Five-year follow-up of children with perinatal HIV-1 infection receiving early highly active antiretroviral therapy

Elena Chiappini, Luisa Galli, Pier Angelo Tovo, Clara Gabiano, Catiuscia Lisi, Stefania Bernardi, Alessandra Viganò, Alfredo Guarino, Carlo Giaquinto, Susanna Esposito, Raffaele Badolato, Cesare Di Bari, Raffaella Rosso, Orazio Genovese, Massimo Masi, Antonio Mazza, Maurizio De Martino

Research output: Contribution to journalArticlepeer-review


Background: Early highly active antiretroviral therapy (HAART), started within the first months of age, has been proven to be the optimal strategy to prevent immunological and clinical deterioration in perinatally HIV-infected children. Nevertheless, data about long-term follow-up of early treated children are lacking. Methods: We report data from 40 perinatally HIV-infected-children receiving early HAART, with a median follow-up period of 5.96 years (interquartile range [IQR]:4.21-7.62). Children were enrolled at birth in the Italian Register for HIV Infection in Children. Comparison with 91 infected children born in the same period, followed-up from birth, and receiving deferred treatment was also provided. Results: Nineteen children (47.5%) were still receiving their first HAART regimen at last follow-up. In the remaining children the first regimen was discontinued, after a median period of 3.77 years (IQR: 1.71-5.71) because of viral failure (8 cases), liver toxicity (1 case), structured therapy interruption (3 cases), or simplification/switch to a PI-sparing regimen (9 cases). Thirty-nine (97.5%) children showed CD4+ T-lymphocyte values >25%, and undetectable viral load was reached in 31 (77.5%) children at last visit. Early treated children displayed significantly lower viral load than not-early treated children, until 6 years of age, and higher median CD4+ T-lymphocyte percentages until 4 years of age. Twenty-seven (29.7%) not-early treated vs. 0/40 early treated children were in clinical category C at last follow-up (P <0.0001). Conclusion: Our findings suggest that clinical, virologic and immunological advantages from early-HAART are long-lasting. Recommendations indicating the long-term management of early treated children are needed.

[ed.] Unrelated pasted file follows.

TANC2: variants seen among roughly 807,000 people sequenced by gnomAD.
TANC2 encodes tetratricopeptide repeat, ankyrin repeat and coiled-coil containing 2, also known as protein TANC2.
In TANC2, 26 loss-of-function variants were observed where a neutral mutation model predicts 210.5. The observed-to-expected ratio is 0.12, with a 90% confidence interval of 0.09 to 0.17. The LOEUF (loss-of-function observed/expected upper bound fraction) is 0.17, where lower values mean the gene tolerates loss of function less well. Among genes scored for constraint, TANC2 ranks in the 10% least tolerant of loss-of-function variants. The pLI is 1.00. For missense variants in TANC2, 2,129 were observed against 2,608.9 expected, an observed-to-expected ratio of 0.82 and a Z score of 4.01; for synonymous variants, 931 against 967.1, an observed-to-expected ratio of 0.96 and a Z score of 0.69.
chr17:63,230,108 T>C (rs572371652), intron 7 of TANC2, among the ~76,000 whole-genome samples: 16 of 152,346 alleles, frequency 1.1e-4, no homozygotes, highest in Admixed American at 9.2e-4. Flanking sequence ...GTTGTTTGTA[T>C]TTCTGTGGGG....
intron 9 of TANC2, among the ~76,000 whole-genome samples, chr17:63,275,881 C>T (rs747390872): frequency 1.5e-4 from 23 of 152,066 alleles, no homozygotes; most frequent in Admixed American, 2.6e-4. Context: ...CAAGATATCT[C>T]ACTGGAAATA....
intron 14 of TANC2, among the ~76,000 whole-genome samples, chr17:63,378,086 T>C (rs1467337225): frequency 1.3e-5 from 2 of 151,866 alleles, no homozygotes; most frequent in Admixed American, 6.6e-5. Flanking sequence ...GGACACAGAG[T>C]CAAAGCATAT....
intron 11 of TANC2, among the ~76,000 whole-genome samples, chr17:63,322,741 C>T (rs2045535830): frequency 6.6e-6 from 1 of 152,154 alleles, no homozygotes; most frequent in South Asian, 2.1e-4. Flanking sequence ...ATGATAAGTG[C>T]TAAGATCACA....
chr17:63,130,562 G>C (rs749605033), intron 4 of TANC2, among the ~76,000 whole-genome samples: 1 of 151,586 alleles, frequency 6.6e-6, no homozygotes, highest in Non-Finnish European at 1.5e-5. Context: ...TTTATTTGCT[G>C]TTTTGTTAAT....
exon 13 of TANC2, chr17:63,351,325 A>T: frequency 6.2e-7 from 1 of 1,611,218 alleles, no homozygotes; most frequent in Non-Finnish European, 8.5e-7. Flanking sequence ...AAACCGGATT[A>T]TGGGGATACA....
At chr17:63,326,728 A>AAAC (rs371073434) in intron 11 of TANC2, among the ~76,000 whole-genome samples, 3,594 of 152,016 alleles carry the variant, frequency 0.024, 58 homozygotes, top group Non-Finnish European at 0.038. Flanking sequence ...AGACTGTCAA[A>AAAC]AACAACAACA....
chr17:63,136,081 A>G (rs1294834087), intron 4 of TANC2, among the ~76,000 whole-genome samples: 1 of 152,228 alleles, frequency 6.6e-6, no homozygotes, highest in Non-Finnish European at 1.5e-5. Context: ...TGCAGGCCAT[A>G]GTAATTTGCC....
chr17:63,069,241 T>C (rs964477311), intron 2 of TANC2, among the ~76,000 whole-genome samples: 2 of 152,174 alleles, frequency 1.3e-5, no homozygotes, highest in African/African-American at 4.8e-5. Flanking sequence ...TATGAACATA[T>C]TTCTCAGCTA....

Original languageEnglish
Article number1471
Pages (from-to)140
Number of pages1
JournalBMC Infectious Diseases
Publication statusPublished - Aug 26 2009

ASJC Scopus subject areas

  • Infectious Diseases


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